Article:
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Condo News
26 February 2018

Toronto condo owners allege former board members siphoned money, left them on hook for $750K
Condo owners at a Toronto highrise are suing several former members of their board for $800,000, alleging those members conspired to divert hundreds of thousands of dollars from the building's operating budget for their own benefit.

The owners claim the building is deeply in debt, and they've been hit with a $750,000 special assessment.

You can read the full story here: "Election fraud at multiple condos".

Airbnb rentals used for human trafficking, Toronto police say
This is a world-wide problem as brothels need to stay on the move. This is a short-term rental problem that is not limited to just Airbnb.

Human rights complaint over alleged homophobic strata tirade dismissed
A BC Human Rights Tribunal ruling confirms that a strata (condo corporation) is not responsible to police conduct between residents.

5Pointz graffiti artists awarded $6.7 million after their work was destroyed
On Long Island, a condo developer painted over the graffiti without warning the artists before hand.

Chinese nanny sentenced to death for fire that killed a mother and three children files appeal

The nanny was stupid and selfish. No question of that. Yet, if the condo management did their job, the question is: Would the victims survived?
One former employee of the company which manages the property stated that the company conducted an inspection of all smoke alarms and sprinklers in the wake of the deadly fire, replacing malfunctioning ones and rushing to fill fire safety inspection logs that had been left blank as it had failed to conduct routine inspections.
"All of these factors — lingering concerns about insufficient witness testimony, maladroit emergency response efforts, and building mismanagement— could come into play during the appeal."

Condo News
22 February 2018

Condos getting even more paperwork
Ontario: Starting on 01 July 2019, condos will be affected by new regulations under the Green Energy Act requiring them to report energy and water usage for the full 2018 year.

Condo Questions: Moving day restrictions irk condo owner
An excellent condo Q&A legal column from Alberta.

I used to think my house was my castle. Now I feel like it's more of a prison
A whistleblower in Tucson is gets $2,500 in fines after she complained about the property management company paying a director's travel expenses.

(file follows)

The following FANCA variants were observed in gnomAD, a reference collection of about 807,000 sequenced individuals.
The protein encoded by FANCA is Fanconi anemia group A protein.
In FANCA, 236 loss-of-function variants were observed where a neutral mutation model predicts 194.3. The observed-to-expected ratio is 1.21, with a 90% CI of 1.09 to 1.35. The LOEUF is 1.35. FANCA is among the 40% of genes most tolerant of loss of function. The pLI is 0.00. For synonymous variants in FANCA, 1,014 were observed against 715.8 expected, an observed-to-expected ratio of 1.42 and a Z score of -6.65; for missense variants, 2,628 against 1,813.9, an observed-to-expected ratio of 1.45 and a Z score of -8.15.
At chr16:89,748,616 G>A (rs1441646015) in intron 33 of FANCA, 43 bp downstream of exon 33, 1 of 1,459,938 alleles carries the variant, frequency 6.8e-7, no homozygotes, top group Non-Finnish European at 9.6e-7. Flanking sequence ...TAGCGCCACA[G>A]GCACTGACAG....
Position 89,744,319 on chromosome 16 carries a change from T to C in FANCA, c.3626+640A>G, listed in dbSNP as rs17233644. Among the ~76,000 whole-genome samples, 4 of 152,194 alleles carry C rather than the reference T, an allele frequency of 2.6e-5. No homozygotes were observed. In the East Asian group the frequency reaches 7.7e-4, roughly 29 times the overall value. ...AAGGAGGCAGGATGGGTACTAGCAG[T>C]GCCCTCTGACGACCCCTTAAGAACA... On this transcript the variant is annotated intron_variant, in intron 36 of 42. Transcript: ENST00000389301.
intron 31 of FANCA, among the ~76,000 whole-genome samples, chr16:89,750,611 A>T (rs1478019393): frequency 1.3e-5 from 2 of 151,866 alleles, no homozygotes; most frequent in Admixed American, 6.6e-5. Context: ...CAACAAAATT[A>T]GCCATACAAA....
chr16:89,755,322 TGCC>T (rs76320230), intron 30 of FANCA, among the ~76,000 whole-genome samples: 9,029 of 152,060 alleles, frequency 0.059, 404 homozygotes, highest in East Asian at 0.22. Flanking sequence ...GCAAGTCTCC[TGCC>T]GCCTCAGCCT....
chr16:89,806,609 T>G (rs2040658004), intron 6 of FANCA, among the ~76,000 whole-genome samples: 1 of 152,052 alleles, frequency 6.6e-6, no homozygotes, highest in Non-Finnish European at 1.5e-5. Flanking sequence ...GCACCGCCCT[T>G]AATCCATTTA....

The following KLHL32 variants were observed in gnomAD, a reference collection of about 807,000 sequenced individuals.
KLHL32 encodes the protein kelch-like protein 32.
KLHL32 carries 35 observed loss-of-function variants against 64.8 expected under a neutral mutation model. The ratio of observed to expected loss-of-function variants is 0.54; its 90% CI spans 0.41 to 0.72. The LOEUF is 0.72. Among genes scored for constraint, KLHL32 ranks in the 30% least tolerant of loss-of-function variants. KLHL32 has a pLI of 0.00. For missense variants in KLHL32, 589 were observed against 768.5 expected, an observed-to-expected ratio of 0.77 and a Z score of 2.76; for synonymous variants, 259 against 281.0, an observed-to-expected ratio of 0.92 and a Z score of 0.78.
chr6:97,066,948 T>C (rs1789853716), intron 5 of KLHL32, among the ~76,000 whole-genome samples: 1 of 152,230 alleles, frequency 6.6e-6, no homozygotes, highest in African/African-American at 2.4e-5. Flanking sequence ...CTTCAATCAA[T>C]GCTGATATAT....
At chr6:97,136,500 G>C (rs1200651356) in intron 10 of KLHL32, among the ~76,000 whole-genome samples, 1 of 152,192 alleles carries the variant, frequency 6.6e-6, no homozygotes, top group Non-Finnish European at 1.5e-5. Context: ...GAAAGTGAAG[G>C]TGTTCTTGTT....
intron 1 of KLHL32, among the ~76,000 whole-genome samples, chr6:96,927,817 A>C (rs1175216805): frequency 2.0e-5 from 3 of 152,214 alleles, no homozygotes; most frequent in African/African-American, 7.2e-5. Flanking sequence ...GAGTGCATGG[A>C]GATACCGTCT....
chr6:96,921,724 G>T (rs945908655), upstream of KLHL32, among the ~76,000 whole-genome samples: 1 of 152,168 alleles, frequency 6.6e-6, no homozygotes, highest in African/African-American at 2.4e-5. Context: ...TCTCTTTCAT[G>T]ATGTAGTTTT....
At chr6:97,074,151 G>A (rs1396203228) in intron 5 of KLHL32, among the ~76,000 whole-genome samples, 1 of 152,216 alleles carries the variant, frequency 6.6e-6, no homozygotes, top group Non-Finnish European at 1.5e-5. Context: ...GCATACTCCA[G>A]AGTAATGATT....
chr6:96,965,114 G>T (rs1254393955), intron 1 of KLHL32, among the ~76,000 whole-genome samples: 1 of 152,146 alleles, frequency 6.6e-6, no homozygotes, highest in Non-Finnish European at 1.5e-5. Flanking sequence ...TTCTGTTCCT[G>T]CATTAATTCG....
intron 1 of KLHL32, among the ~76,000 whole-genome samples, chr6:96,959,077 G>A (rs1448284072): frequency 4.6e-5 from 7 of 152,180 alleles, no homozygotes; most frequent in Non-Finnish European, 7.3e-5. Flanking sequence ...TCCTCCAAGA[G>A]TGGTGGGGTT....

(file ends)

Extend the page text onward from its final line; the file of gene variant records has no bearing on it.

NYC: Condo board sues Nike store for $3M
Lawsuit says each Nike event and the ensuing crowds subject the condominium’s residents to extended periods of public drunkenness and urination, violence (including brawls and fist fights) loitering, littering, smoking, drug use, yelling and screaming.

Small town stands its ground on condo safety
New York State: a local government had to force a condo to repair unsafe balconies. That was after two people were hurt when a balcony collapsed.

The Château: A Novel
Goldberg’s novel unfolds within the Château Sedan Neuve, a crumbling high-rise condominium in Hollywood, Fla… Governed by a corrupt board – rigging bids with contractors doing shoddy work while longtime residents get evicted – it’s a metaphor for America itself."

Condo News
15 February 2018

Condo caretaker who entered Calgary woman’s suite while she slept pleads guilty
Phillip Allan Skulnec was charged with break-and-enter with intent to commit a sexual assault.

Ontario's new mandatory lease
Starting 30 April 2018, the standard lease will apply to most residential tenancies in Ontario, including condos.

PC party has stopped paying the rent for former leader Patrick Brown’s downtown condo
Brown will now have to use the taxpayer-funded MPPs’ monthly allowance of $1,876.50 toward the rent in the new high-rise building, where suites go for as much as $3,000 a month.

B.C. has too many stratas, not enough managers
They work long hours, hold great responsibilities and don't get paid a lot. Is it any wonder the province has too few strata building managers?

‘Condo commando’ accused of shooting husband long feuded with HOA